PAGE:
NEM Interview Series: Seneca College

Leading up to National Engineering Month (NEM) 2021, we will be sitting down with educators, regulators and associations within the engineering industry for a question and answer style interview series. 

Recently I sat down with Ranjan Bhattacharya, Dean of the Faculty of Applied Science and Engineering Technology (FASET) at Seneca College.

Q: How did you hear about NEM? 

A: When I joined the postsecondary system as a faculty member I was involved in a number of NEM events either as an organizer or as a participant, so I’ve been a part of NEM throughout my career. We’ve also been a sponsor of NEM since I became Dean in 2015.

Q: What does the concept of lifelong learning mean for FASET at Seneca? 

A: We’re finding that we need to be a bit more aware of the other disciplines in terms of how they integrate and interface together. An established example is engineers who go on to complete an MBA. Now with discrete specific learning packages such as micro-credentials it’s easier than ever to expand our skill-sets and that’s a great thing.

The pandemic has also provided opportunities to gain exposure in other areas and I believe that once we are in the post pandemic era, there are going to be very wicked problems that will require some really innovative thinking. Whether it’s micro-credentials, sabbaticals, or other types of professional development, having an online, flexible learning environment will become a standard expectation for many people. Sitting in a classroom for 23-24 hours a week – it’s just not realistic. It wasn’t realistic before the pandemic and what the pandemic has provided is a lot of opportunities for both informal and formalized learning to occur anywhere. So whether it’s established credentials, the masters, diplomas or micro credentials, that’s very appealing to students at all levels. This type of flexible, online learning provides an opportunity to keep our skills current, because sitting still is no longer an option.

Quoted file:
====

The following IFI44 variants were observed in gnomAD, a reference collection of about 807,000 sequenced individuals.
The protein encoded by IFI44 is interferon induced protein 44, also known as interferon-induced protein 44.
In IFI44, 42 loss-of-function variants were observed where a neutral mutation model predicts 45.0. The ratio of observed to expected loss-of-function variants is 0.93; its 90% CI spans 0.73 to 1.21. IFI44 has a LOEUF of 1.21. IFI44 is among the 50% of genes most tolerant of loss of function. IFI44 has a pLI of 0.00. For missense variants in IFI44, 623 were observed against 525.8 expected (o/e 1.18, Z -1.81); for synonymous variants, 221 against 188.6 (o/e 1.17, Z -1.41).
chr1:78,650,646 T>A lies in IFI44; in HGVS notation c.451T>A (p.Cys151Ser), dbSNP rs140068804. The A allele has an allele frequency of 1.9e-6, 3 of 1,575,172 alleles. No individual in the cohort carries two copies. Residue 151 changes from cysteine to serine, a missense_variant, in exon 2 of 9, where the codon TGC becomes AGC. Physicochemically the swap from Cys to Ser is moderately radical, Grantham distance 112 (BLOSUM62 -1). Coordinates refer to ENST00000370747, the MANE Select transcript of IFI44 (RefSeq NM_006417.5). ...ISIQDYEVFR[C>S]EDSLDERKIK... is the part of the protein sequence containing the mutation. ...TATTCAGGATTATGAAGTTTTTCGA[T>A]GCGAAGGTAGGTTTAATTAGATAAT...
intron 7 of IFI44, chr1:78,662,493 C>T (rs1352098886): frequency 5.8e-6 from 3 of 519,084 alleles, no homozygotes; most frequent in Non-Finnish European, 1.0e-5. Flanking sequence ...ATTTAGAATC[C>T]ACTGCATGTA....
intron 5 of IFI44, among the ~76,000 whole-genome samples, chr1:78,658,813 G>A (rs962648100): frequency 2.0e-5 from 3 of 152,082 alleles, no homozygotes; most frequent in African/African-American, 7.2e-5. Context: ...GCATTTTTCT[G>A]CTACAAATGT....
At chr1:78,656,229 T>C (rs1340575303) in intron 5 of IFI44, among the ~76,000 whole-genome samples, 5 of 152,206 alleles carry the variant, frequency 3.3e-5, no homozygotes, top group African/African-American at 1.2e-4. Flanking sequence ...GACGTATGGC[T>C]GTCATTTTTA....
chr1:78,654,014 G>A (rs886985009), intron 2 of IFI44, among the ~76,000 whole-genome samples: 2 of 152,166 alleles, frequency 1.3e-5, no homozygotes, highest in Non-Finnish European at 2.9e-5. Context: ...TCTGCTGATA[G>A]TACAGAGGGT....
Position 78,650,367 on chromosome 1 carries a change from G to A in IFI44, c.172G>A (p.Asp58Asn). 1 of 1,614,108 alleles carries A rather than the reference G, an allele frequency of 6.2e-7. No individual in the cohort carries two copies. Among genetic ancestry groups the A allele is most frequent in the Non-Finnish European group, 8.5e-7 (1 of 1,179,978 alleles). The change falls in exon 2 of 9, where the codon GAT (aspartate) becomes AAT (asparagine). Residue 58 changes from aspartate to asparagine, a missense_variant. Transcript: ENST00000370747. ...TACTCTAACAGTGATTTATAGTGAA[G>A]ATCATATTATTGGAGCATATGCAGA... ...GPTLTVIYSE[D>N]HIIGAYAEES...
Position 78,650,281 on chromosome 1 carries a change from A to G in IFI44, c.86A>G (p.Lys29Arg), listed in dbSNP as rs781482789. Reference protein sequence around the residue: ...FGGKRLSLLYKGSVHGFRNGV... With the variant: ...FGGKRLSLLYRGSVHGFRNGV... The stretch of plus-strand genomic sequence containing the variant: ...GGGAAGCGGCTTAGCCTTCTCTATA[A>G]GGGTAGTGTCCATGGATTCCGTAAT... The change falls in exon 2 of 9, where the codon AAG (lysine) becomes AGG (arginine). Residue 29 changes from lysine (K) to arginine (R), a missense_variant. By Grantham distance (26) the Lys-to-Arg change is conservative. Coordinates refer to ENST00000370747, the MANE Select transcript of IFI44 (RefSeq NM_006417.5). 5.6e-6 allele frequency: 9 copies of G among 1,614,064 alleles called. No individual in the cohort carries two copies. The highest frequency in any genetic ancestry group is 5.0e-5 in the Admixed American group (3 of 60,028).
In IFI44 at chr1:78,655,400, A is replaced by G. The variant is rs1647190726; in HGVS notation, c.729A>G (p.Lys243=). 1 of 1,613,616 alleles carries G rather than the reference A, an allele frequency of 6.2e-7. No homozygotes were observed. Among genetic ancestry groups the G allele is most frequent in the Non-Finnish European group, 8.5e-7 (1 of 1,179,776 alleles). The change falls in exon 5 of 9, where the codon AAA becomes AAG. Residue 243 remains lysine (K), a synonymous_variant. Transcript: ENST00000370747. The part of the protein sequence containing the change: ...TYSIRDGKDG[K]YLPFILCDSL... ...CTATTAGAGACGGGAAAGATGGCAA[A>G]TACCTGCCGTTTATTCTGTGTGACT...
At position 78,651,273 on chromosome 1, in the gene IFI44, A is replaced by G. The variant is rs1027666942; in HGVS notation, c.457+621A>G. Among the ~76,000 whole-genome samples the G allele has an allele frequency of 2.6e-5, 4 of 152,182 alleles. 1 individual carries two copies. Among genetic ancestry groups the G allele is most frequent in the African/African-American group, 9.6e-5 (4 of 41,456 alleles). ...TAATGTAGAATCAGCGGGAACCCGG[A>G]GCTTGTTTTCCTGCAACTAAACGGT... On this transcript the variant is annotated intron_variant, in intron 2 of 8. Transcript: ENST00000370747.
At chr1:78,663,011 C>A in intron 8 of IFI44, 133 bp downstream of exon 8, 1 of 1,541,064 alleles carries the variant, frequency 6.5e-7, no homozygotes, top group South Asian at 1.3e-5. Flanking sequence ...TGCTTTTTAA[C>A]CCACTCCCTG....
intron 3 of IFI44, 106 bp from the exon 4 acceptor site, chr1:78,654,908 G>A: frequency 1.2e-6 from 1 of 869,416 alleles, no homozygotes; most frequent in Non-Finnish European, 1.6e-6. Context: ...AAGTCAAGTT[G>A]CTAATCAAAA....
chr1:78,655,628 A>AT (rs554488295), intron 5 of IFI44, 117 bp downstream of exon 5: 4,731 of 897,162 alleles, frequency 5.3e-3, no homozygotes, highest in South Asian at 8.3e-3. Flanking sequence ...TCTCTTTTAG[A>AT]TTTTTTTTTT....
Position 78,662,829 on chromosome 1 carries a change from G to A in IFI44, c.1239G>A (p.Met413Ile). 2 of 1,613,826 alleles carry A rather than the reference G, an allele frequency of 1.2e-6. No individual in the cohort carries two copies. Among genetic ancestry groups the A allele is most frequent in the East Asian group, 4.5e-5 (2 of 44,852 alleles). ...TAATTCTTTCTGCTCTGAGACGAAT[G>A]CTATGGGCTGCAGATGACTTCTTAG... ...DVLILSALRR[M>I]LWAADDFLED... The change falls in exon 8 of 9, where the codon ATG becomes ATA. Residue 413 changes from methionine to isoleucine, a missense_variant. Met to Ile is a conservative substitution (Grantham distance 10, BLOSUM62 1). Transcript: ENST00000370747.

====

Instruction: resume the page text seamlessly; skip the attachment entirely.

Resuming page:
Q: How has the engineering profession changed over the past 5 to 10 years? 

A: For a long time, engineering was very stratified and not reaching its potential at times. A lot of the time, arguments came down to discipline arguments, but the industry has definitely evolved to become more team-oriented. Teams that solve problems are not in individual disciplines – whether it’s the P.Eng’s of the world or engineering technologists. For example, our degrees at Seneca are very applied and we find these technologists have a very important seat at the table. It’s one thing to talk about a project conceptually, but you also need to be able to operationalize these ideas and provide context within reality, in terms of what is doable. These multidimensional, multi-platform teams are solving complex problems together.